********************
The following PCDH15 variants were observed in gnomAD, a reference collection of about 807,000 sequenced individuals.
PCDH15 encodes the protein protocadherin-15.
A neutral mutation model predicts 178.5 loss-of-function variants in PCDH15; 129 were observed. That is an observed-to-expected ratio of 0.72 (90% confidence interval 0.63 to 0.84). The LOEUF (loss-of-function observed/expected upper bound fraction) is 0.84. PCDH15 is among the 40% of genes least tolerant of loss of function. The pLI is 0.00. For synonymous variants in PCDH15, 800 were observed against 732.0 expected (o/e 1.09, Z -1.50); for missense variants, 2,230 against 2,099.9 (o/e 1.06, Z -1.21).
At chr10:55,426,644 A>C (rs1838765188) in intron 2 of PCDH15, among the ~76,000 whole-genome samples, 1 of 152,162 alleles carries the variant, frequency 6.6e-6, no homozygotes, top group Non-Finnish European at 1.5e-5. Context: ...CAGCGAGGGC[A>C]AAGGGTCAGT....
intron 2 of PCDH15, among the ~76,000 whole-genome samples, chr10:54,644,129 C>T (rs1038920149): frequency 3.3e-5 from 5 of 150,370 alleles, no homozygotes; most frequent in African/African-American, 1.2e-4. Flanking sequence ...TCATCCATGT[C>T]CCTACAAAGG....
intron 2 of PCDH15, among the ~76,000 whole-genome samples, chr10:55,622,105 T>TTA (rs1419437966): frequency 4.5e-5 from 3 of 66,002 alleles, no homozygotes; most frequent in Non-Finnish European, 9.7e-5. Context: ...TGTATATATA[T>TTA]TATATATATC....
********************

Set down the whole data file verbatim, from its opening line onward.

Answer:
The following PCDH15 variants were observed in gnomAD, a reference collection of about 807,000 sequenced individuals.
PCDH15 encodes the protein protocadherin-15.
A neutral mutation model predicts 178.5 loss-of-function variants in PCDH15; 129 were observed. That is an observed-to-expected ratio of 0.72 (90% confidence interval 0.63 to 0.84). The LOEUF (loss-of-function observed/expected upper bound fraction) is 0.84. PCDH15 is among the 40% of genes least tolerant of loss of function. The pLI is 0.00. For synonymous variants in PCDH15, 800 were observed against 732.0 expected (o/e 1.09, Z -1.50); for missense variants, 2,230 against 2,099.9 (o/e 1.06, Z -1.21).
At chr10:55,426,644 A>C (rs1838765188) in intron 2 of PCDH15, among the ~76,000 whole-genome samples, 1 of 152,162 alleles carries the variant, frequency 6.6e-6, no homozygotes, top group Non-Finnish European at 1.5e-5. Context: ...CAGCGAGGGC[A>C]AAGGGTCAGT....
intron 2 of PCDH15, among the ~76,000 whole-genome samples, chr10:54,644,129 C>T (rs1038920149): frequency 3.3e-5 from 5 of 150,370 alleles, no homozygotes; most frequent in African/African-American, 1.2e-4. Flanking sequence ...TCATCCATGT[C>T]CCTACAAAGG....
intron 2 of PCDH15, among the ~76,000 whole-genome samples, chr10:55,622,105 T>TTA (rs1419437966): frequency 4.5e-5 from 3 of 66,002 alleles, no homozygotes; most frequent in Non-Finnish European, 9.7e-5. Context: ...TGTATATATA[T>TTA]TATATATATC....